Saturday, October 29, 2005

Automatic Superstar, part 2

It was pointed out to me that I didn't mention Tracy in my blog about automatic superstar. Naturally I feel like shit. Of course, now that it's been pointed out that I didn't mention her, mentioning her seems totally insincere. but I'll do it anyway.

Tracy plays Tracy Trouble, the female love interest/wannabe rock star in Automatic Superstar. She is cute, sexy, and has an amazing set of pipes on her. If any record execs actually do see the show (not likely, considering the subject matter), she could end living out her part in real life. She's that good.

A further note about the brechtian quality of the whole play. Some of this comes from working with rock and roll people as opposed to theatre people. While everyone involved has some theatre experience, the production is being run by people who are primarilly musicians. As such a lot of the conventions of theatre are completely ignored, particularly in regard to the audience. Like *The Donkey Show*, which provides some inspiration for this piece, the audience is supposed to be part of the erformance. It is supposed to be in a rock club. The band hangs out on the floor at intermission as though taking a break between sets. The actors mingle with the crowd before and after the show--even Matic, who come sotu and shakes a few hands before taking his place for the overature. The extras, playing mostly concert goers, are int he crowd the whole time. There is no illusion here. THe piece is in a way very ritualistic, as though the actors come on as themselves and say "ok, now we're going to do a show." This fits in with the iconic nature in which the characters are written. There is absolutely no barrier set up between spectator and performer.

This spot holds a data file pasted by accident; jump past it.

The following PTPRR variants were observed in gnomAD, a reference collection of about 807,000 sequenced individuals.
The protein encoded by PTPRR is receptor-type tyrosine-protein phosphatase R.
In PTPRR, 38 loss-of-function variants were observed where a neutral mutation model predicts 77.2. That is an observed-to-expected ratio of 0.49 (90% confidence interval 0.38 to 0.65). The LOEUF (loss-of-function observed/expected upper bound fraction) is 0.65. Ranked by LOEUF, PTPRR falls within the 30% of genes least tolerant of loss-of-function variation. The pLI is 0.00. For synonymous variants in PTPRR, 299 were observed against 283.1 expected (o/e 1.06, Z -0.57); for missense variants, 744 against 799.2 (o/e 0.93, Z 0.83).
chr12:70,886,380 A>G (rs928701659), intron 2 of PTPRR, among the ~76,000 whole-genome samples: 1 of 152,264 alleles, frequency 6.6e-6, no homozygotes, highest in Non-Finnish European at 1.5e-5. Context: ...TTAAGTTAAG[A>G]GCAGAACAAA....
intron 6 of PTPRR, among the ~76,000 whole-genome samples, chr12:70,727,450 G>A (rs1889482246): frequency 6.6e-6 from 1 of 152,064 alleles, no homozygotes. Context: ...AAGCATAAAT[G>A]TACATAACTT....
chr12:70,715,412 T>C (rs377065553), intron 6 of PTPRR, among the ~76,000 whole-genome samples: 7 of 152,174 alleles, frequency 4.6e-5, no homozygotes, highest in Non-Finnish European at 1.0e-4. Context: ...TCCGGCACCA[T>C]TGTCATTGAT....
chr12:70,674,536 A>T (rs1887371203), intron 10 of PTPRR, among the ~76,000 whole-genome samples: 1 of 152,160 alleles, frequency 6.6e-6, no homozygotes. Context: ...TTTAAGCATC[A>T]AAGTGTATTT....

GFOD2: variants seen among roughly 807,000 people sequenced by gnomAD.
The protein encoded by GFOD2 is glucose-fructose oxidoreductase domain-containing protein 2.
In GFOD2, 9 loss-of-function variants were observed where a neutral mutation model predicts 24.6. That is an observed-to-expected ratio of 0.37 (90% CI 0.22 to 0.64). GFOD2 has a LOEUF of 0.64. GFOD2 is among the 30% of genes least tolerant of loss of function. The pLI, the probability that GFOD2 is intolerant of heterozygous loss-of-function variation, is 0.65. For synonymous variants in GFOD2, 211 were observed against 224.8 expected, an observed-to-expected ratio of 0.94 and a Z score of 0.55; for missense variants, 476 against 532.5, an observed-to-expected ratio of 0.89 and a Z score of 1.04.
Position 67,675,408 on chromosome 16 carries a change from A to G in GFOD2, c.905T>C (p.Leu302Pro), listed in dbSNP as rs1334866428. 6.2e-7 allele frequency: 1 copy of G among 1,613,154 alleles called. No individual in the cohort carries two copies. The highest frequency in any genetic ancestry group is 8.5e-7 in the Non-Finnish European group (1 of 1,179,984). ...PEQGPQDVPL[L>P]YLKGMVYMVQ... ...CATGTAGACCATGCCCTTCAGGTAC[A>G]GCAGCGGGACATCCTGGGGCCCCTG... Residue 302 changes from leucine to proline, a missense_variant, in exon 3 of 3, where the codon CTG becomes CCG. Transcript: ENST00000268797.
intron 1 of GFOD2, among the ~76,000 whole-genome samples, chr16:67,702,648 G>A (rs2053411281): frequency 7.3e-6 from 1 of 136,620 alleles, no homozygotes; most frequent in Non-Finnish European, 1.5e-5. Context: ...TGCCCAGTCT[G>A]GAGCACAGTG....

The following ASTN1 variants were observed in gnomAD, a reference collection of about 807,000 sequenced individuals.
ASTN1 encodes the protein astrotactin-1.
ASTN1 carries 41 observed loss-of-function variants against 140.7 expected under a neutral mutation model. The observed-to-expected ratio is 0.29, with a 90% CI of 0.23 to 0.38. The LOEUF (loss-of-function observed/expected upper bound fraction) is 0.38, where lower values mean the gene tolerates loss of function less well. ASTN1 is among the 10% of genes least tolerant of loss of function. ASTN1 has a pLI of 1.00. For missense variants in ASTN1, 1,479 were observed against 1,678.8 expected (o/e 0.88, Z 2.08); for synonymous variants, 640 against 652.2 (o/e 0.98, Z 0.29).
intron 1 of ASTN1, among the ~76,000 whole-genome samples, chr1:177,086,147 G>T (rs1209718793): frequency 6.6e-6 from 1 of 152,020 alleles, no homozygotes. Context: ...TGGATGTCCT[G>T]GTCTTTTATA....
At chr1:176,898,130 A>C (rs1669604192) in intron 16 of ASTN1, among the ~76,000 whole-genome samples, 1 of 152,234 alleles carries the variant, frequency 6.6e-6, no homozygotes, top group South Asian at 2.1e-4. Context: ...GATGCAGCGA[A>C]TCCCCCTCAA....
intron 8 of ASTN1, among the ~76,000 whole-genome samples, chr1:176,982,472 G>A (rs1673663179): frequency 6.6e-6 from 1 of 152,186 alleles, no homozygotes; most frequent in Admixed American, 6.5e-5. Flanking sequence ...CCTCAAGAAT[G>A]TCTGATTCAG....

The interesting thing is how few of the audience members get it. They act as though they have come to see a PLAY. They look for seats when they come in (it's a dance hall, seats run out fast). The sit or stand during the performance more or less quietly--or, more precisely, as though they are observers. I have only seen one person so far join the extras and dance as if they were at a concert. It's kind of dissapointing, but very pavlovian. People when they go to see a rock concert expect a different kind of aesthetic then when they go to see a play, and audience members seem to be conditioned to take a position of passive observation when viewing what they no to be a play, a conditioning that is hard to break.


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